She laughs at the memory of how the French “discovered” her. “Oh no! Local curators saw the artwork at my homestead and recognised how beautiful it was. They insisted that I start working at their museum [Botshabelo Museum]. Then a white man from France by the name of Andrew, I don’t recall his surname, approached me to go overseas. But that’s not when I became an artist.”
The memory Mahlangu recalls refers to her first international group exhibition, Les Magiciens de la Terre, The Magicians of the Earth. At this exhibition in Paris, during a State of Emergency in South Africa and at a time when the country was isolated from the world, the 50-yearold Mahlangu painted a replica of her house ngesiNdebele while the public watched.
What seemed like a simple act on her part became the Western world’s introduction to the Ndebele heritage and its reliance on artistic expression.
Before she became the recognised figure she is today, the Ndebele artwork she grew up doing was limited to the natural colours of brown, black, white and ochre. By pioneering the use of primary colours and being the first to place Ndebele artwork on canvas, Mahlangu furthered the art form’s reach.
Although the response to her work pleased her, Mahlangu returned home wary of what this might mean for her heritage. But, by then, formal education structures had been put in place, so young girls were no longer being taught how to paint by their matriarchs.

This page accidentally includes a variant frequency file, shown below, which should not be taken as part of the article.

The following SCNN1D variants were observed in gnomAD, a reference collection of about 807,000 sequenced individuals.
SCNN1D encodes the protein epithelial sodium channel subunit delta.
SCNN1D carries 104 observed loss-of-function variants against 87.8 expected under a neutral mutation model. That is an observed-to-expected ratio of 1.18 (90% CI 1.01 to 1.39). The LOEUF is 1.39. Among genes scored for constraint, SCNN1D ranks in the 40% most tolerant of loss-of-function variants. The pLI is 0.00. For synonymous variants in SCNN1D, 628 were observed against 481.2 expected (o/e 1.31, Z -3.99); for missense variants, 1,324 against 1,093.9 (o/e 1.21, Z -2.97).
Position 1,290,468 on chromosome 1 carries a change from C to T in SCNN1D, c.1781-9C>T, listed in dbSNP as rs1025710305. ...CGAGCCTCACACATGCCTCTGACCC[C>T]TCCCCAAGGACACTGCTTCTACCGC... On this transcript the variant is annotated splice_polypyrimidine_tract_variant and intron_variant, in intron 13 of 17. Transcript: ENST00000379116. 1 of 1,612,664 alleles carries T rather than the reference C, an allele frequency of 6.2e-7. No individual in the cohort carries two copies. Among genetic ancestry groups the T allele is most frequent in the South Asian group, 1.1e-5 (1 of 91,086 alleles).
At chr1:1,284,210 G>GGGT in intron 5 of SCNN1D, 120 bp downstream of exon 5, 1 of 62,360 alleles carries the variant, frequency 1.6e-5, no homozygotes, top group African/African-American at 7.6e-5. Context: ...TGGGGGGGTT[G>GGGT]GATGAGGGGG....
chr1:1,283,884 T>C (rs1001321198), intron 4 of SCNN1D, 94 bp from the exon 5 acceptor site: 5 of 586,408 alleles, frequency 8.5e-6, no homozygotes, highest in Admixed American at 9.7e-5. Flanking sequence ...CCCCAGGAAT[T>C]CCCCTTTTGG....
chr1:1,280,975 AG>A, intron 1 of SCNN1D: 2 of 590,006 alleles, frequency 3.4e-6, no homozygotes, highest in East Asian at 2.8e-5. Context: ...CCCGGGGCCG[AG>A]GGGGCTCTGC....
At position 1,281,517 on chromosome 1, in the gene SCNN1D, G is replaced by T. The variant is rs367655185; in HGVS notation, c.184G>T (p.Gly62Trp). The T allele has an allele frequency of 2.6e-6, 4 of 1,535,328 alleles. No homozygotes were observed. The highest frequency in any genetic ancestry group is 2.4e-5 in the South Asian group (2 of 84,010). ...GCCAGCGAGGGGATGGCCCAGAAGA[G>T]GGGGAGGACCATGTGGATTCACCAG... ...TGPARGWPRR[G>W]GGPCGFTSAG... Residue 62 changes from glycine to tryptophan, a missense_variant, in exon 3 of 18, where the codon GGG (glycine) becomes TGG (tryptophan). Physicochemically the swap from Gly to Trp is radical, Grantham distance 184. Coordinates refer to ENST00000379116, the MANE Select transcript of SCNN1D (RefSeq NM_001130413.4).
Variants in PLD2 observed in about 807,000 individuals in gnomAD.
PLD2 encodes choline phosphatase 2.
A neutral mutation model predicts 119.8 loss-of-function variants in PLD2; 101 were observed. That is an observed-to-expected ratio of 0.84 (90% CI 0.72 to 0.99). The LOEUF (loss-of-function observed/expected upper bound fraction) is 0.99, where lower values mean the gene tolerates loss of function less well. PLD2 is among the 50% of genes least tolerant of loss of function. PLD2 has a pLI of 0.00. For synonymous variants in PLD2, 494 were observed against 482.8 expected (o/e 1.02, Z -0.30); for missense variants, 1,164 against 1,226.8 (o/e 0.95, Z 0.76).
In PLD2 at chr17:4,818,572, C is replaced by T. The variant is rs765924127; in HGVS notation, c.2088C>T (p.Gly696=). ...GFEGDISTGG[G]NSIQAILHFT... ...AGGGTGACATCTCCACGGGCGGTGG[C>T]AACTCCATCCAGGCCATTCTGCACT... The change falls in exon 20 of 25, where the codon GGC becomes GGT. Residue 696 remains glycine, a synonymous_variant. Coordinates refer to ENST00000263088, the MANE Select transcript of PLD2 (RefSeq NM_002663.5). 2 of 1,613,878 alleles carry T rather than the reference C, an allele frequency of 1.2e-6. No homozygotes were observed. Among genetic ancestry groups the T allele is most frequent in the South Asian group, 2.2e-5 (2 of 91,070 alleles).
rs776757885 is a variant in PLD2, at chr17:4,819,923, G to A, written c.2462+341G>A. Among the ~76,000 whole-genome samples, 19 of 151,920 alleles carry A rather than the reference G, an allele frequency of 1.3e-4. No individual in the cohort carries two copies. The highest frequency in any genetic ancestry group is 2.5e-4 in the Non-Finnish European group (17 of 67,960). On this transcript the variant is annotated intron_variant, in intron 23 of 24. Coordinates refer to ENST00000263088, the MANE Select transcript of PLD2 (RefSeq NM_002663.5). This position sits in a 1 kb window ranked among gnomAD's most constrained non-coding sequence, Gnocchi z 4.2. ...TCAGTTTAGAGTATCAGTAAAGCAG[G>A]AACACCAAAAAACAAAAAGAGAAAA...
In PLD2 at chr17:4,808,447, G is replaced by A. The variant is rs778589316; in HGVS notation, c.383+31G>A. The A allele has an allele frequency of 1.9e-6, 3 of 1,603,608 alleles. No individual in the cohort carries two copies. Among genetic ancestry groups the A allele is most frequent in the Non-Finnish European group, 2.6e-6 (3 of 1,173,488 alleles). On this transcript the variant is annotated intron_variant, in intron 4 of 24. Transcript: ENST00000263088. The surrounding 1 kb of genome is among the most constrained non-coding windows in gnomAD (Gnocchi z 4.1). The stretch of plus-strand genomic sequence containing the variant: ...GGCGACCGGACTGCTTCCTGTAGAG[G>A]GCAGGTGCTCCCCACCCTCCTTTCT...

“My objective became passing on my artwork to the next generation so that the authenticity of Ndebele art does not fade away. So I gathered the young people who lived nearby and began passing the skill on to even children who were not my own. I taught my students by giving them a sample of my work and ordering them to copy what I had painted on pieces of ceiling board.
“After attempting to replicate my work, I critiqued their attempts, sent them back to redo it and repeated this process until they perfected my pieces. By doing this, they began to grasp whatever I presented to them. Now they have it forever.”
By so doing Mahlangu cemented her local relevance as a holder of indigenous knowledge.
After pioneering the move from walls to canvas as a way to teach the skill, she began to paint on canvas to sell the portable pieces to tourists, commercialising indigenous expression on her own terms.
Once the door to the commercial world opened, Mahlangu’s commissioned work was no longer isolated to the white square. Instead, collaborations have included the likes of BMW, Fiat and Belvedere Vodka.
What was once solely a visual lexicon between community members became a globally celebrated artistic mark of the Matebele. Her undying vision of all objects as potential canvases, and her dedication to teaching younger generations the art form, reinforce her objective of preserving the Ndebele knowledge systems by archiving this visual lexicon in a manner that sits comfortably in the domestic space, the commercial world and the artistic sphere.